Many transactions were barter transactions involving silver, copper, bitcoin and/or other goods for services. During the week, I had a goal of conducting as many transactions as possible using alternative currencies, and was able to conduct all but a handful of my transactions without the need for Federal Reserve Notes. From my conversations with vendors, alternative currencies were not only more widely used this year, but bitcoin was by far the most popular alternative currency of the ones being used.

The free market worked so well that anyone looking for work found a “job” at a rate normally above what would be considered “minimum wage”. Even some children looking to make a few extra dollars were successfully contracted to work, granted at lower rates that would not be allowed in the “real world.” Such voluntary and mutually beneficial contracts would be prohibited outside of PorcFest due to the regulations against such activity. This week-long festival is just one example of the free market in action!

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Iranians Have No Free Press, No Fair Elections

On June 14, many Iranians voted in the election to choose the successor of President Mahmoud Ahmadinjad. Voters were given eight choices, and two of those candidates eventually withdrew leaving voters with 6 candidates on their ballot. I say “voters were given… choices” because the candidates in Iranian Presidential elections are chosen by the Guardian Council, a group selected by Supreme Leader Ali Khamenei. The Associated Press reports that more than 680 people sought a spot on the ballot, and those approved are mostly pro-establishment figures. Reporters Without Borders wrote an open letter to the original eight candidates and prefaced the letter by stating, there is “little hope that the 14 June election will be conducted in a clear and transparent manner…
The Iranian regime openly flouts freedom of information, a fundamental freedom that is essential for free and fair elections. During President Mahmoud Ahmadinejad’s two terms, respect for human rights conditions has declined dramatically in the Islamic Republic.

Over the past eight years, more than 200 newspapers have been shut down and more than 300 journalists and netizens have been arbitrarily arrested, tortured and sentenced to lengthy prison terms.”

Reporters Without Borders challenged the candidates to “pledge openly and unconditionally to respect freedom of information” and asked the candidates to commit themselves to the following four actions:

  • Demand the unconditional release of the 52 journalists and netizens who are today imprisoned in Iran.
  • Begin a fundamental reform of media law, aimed in particular at decriminalizing press law violations and guaranteeing freedom of information without discrimination based on language, religion or political opinion.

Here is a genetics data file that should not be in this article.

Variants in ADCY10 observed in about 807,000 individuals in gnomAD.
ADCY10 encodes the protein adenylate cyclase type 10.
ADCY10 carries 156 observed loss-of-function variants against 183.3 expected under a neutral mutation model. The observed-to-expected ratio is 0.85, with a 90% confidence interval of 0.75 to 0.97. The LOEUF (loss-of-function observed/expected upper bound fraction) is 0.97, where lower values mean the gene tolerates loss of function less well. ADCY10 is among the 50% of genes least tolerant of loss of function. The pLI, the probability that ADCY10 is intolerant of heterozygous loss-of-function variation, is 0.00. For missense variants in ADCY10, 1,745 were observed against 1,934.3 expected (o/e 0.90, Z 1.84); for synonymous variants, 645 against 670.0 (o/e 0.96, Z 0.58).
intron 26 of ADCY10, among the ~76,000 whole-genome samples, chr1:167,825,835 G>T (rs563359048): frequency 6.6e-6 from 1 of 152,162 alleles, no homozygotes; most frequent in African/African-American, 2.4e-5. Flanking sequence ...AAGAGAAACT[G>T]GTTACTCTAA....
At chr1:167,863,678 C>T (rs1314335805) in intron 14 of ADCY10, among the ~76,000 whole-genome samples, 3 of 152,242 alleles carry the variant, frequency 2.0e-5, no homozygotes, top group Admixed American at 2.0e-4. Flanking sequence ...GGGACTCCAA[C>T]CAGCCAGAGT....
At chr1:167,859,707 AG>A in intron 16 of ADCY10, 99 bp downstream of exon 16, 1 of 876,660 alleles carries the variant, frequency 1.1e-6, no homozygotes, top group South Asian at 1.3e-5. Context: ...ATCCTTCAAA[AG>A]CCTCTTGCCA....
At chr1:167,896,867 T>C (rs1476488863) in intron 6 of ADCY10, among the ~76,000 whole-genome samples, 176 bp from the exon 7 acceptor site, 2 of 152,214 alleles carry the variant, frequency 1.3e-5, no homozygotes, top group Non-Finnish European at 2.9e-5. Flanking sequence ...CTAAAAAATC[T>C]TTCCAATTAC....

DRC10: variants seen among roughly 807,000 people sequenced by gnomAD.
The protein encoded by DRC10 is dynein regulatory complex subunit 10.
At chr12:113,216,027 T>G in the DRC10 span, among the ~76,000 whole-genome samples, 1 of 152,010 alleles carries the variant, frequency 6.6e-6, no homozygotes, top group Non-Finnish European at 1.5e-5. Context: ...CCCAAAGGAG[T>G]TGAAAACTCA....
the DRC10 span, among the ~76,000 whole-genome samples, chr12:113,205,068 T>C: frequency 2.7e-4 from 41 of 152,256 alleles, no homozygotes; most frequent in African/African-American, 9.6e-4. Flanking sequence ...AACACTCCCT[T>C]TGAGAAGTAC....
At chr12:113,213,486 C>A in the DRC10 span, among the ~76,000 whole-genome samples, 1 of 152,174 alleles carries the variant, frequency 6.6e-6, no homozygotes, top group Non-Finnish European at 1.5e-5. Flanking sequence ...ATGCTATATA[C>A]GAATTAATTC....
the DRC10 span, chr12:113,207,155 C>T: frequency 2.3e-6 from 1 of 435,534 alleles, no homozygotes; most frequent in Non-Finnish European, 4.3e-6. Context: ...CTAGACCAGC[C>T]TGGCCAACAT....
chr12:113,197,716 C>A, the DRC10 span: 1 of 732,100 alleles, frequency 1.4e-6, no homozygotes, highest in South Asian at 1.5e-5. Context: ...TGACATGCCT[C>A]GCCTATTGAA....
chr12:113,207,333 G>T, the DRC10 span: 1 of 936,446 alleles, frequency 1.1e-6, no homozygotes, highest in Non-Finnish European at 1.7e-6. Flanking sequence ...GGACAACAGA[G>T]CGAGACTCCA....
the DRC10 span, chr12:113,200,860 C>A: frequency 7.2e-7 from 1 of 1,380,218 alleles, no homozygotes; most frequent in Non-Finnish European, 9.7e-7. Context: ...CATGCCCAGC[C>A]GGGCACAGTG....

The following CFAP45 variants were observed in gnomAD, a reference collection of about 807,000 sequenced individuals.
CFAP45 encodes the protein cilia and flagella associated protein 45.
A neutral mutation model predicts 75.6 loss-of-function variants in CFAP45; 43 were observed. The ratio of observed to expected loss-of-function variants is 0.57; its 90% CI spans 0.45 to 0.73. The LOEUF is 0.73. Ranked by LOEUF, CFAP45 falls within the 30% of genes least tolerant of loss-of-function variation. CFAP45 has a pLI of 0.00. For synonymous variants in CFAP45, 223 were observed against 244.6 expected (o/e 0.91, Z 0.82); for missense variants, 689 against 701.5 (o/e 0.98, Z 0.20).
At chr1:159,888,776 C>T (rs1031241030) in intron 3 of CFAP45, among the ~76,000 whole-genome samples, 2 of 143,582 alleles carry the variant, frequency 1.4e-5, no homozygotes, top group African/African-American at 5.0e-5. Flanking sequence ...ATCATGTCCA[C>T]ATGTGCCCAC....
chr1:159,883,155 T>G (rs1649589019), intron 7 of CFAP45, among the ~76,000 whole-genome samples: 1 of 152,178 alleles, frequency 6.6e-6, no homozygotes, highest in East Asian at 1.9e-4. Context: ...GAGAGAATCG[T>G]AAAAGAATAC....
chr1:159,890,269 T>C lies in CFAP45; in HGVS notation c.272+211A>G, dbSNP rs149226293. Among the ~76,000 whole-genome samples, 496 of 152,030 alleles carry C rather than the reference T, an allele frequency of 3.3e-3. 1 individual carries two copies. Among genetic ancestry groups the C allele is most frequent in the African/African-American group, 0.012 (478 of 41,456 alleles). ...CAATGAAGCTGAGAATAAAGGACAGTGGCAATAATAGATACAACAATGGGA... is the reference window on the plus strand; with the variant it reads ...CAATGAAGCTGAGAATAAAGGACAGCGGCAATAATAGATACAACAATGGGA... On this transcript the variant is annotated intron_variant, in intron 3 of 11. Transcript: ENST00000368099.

• Ensure that Iranian citizens have free, uncensored and unmonitored Internet access.
  • End arbitrary actions and impunity. The murders of dissident journalists must not go unpunished.

Secretary-General of Reporters Without Borders Christophe Deloire wrote, “As long as these demands go unmet, Iranians will not be able to think of themselves as a free people.” I tend to agree with Deloire, however I will add that as long as people are being forced to comply with any arbitrary power, they can not think of themselves as free!

Regarding the actual election, many Iranians were considering a boycott of the election. Some who called for the boycott said that anyone voting was betraying Neda Agha-Soltan and others killed during protests over the 2009 Presidential election. The Ayatollah Khamenei said, even if “they don’t want to support the Islamic ruling establishment… Everyone must turn out.”

It seems the words spoken by the Ayatollah Khamenei may come back to bite him. An unnamed journalist in Tehran reported to The Guardian, “Even those who were undecided or completely set against voting are saying they want to cast a ballot to make sure that anyone like Jalili doesn’t win.” Saeed Jalili is regarded as the preferred choice of the regime’s ultra-conservative leadership. The preferred choice of reformers appears to be Hasan Rowhani, former chief nuclear negotiator. Rowhani was also secretary of Iran’s supreme national security council for 16 years. Despite the claims that “Rowhani won’t be allowed to win…” it appears that the supposed moderate was elected with nearly 51% of the vote. Regardless, the people of Iran will not be any freer, and the government of the United States of America will continue to push for an unjust war against the people of Iran based on lies.